A single, abstract noun – “occupation” – obscures a multitude of crimes.

What crushes Palestinian spirits is not just the calculated malevolence of Israel’s occupation authorities, as they kill and imprison Palestinians, seal them into ghettoes, steal lands and demolish homes. It is also the system’s casual indifference to their fate.

This is a bureaucracy – of respectable men and women – that controls the smallest details of Palestinians’ lives. With the flick of a pen, everything can be turned upside down. Palestinians are viewed as numbers and bodies rather than human beings.

The story of Ghada – as she has been identified – illustrates many features of this system of control.

She was arrested last month as an “illegal alien” in her own homeland for visiting her aunt. The two live a short distance apart, but while Israel considers Ghada a resident of the West Bank, her aunt is classified as a resident of Jerusalem. They might as well be on different planets.

Ghada, we should note, suffers from epilepsy. After two days in detention, and over opposition from Israeli police, a judge ordered her released on bail. All this happened without her parents present.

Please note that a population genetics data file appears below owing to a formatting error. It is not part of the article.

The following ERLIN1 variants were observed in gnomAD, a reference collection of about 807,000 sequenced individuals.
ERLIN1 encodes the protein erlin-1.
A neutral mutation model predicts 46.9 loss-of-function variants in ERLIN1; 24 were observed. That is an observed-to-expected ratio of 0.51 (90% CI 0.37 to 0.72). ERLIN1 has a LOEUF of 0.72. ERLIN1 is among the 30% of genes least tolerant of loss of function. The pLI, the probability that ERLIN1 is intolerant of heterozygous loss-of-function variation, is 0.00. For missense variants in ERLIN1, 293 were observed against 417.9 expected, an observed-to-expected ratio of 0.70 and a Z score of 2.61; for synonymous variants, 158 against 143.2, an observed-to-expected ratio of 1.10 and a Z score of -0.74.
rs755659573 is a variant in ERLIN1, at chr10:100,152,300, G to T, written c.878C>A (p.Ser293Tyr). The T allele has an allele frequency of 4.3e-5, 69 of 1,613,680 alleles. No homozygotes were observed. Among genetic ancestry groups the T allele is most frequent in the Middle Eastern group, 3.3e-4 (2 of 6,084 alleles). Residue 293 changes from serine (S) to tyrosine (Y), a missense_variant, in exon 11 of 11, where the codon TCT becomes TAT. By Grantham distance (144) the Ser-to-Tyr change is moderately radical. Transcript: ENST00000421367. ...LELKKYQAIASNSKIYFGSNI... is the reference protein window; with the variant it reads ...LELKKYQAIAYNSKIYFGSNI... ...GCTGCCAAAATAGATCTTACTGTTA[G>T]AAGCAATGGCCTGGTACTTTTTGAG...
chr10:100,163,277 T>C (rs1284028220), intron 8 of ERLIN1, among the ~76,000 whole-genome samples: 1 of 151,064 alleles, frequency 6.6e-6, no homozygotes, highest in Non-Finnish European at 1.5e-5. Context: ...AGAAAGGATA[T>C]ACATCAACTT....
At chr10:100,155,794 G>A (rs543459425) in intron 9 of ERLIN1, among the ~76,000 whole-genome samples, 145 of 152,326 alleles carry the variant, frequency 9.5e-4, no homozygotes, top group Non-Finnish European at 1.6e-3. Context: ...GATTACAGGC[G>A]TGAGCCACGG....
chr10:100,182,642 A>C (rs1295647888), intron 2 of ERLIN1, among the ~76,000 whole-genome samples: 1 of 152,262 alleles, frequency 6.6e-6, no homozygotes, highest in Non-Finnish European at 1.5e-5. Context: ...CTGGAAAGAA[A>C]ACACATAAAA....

Israel controls the Palestinian population register too, and had recorded Ghada wrongly as a Gaza resident, even though she was born and raised far away in the West Bank. She is separated from Gaza by Israel, which she cannot enter.

Presumably, no Israeli official wanted to harm Ghada. It was just that none cared enough to notice that she was a frightened child – afraid of being alone, of the dark, of fences and watch-towers. And a child who needs regular medical care.

Instead she was viewed simply as a package, to be delivered to whatever location was on the docket. Despite her anguished protests, she was forced through the electronic fence into the cage of Gaza.